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CHARLES G. ADDISON, ESQ. The history of the Knights Templars, Temple Church, and the Temple


Sir John Froissart's Chronicles of England, France, Spain and the Ajoining Countries from the latter part of the reign of Edward II to the coronation of Henry IV in 12 volumes 

Chronicles of Enguerrand De Monstrelet (Sir John Froissart's Chronicles continuation) in 13 volumes 

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The history of the Knights Templars, Temple Church, and the Temple
page 179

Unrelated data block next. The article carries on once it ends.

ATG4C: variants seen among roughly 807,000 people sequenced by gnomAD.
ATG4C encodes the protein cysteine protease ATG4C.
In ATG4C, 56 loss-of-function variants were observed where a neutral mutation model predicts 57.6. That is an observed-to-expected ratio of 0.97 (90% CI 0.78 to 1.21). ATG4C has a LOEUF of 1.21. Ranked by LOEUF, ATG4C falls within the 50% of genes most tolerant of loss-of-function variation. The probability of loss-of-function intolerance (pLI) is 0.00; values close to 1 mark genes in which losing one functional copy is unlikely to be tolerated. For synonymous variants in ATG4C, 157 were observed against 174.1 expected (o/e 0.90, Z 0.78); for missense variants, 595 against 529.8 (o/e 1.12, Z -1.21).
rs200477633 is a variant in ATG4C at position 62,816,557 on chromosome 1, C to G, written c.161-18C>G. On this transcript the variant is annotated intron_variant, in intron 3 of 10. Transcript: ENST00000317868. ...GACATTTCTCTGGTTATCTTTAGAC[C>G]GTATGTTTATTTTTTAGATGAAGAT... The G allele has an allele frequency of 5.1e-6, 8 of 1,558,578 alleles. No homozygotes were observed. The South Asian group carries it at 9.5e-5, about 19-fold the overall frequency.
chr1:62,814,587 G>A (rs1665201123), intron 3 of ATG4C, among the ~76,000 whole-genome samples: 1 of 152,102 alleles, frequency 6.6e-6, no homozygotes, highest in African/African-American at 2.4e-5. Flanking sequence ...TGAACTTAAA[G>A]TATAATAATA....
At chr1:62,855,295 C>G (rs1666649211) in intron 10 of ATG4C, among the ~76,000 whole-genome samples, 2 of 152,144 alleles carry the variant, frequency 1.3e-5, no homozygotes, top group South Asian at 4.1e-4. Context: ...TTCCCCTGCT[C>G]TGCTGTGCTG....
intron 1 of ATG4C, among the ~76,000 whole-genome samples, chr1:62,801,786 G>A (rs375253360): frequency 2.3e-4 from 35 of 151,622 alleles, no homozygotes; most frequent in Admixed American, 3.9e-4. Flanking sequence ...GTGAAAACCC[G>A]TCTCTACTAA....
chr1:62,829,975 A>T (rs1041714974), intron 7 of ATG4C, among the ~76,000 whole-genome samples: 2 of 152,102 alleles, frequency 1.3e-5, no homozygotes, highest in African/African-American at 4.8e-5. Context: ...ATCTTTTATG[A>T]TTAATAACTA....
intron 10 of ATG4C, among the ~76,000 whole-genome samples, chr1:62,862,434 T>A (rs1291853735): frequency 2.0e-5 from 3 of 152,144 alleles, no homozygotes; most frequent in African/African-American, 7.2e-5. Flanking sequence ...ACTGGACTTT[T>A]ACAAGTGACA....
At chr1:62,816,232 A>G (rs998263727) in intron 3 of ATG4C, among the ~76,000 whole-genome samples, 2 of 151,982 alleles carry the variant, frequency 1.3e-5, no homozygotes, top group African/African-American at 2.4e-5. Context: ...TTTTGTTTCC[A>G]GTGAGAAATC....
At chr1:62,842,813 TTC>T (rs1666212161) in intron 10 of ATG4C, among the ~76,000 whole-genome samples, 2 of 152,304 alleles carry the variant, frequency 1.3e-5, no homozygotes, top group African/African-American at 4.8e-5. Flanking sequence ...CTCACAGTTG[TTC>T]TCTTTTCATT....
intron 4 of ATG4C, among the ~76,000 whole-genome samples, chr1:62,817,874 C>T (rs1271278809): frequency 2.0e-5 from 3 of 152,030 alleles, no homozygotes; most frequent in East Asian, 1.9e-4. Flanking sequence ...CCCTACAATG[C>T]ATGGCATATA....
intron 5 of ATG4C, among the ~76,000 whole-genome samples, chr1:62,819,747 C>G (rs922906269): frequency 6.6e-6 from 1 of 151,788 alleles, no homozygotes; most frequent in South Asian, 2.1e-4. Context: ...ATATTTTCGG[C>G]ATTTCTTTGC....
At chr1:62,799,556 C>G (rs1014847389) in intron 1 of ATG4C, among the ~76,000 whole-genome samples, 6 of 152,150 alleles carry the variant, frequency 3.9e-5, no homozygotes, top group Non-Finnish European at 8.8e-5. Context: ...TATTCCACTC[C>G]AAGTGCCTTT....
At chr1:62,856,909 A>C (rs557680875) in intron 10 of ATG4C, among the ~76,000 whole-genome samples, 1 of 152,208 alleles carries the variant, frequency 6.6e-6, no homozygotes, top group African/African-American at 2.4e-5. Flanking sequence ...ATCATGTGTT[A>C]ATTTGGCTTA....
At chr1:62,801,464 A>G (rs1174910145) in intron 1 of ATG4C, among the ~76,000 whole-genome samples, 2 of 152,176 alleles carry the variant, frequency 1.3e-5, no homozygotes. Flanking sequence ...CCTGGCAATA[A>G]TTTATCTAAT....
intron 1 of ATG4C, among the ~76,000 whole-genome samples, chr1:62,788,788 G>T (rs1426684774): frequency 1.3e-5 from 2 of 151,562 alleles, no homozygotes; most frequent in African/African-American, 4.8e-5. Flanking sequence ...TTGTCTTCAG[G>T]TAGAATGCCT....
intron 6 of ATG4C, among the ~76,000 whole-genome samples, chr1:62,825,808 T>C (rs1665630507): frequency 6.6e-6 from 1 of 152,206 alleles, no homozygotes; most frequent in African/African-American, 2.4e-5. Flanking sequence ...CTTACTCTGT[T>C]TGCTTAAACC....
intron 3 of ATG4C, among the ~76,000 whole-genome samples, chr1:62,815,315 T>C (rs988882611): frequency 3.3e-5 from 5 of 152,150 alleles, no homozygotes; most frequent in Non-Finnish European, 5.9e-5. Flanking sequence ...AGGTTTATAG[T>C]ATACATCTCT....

and formidable castle of Saphet. Eight hundred and fifty work, men, and four hundred slaves were employed in the task. The walls were sixty French feet in width, one hundred and seventy in height, and the circuit of them was two thousand two hundred and fifty feet. They were flanked by seven large round towers, sixty feet in diameter, and seventy-two feet higher than the walls. The fosse surrounding the fortress was thirty-six feet wide, and was pierced in the solid rock to a depth of forty-three feet. The garrison, in time of peace, amounted to one thousand seven hundred men, and to two thousand* two hundred in time of war.* The ruins of this famous castle crowning the summit of a lofty mountain, torn and shattered by earthquakes, still present a stupendous appearance. In Pococke's time " two particularly fine large round towers" were entire, and Van Egmont and Heyman describe the remains of two moats lined with freestone, several fragments of walls, bulwarks, and turrets, together with corridors, winding staircases, and internal apartments. Ere this fortress was completed, the Templars again lost the holy city, and were well-nigh exterminated in a bloody battle fought with the Carizmians. These were a fierce, pastoral tribe of Tartars, who, descending from the north of Asia, and quitting their abodes in the neighbourhood of the Caspian, rushed headlong upon the nations of the south. They overthrew with frightful rapidity, and the most terrific slaughter, all who had ventured to oppose their progress ; and, at the instigation of Saleh Ayoub, sultan of Egypt, with whom they had formed an alliance, they turned their arms against the Holy Land. In a great battle fought near Gaza, which lasted two days, the Grand Masters of the Temple and the Hospital were both slain, together with three hundred and twelve Knights Templars, and three hundred and twentyfour serving brethren, besides hired soldiers in the pay of the • Slip», Biilm Misceli., lib. vi. p. 3.17.

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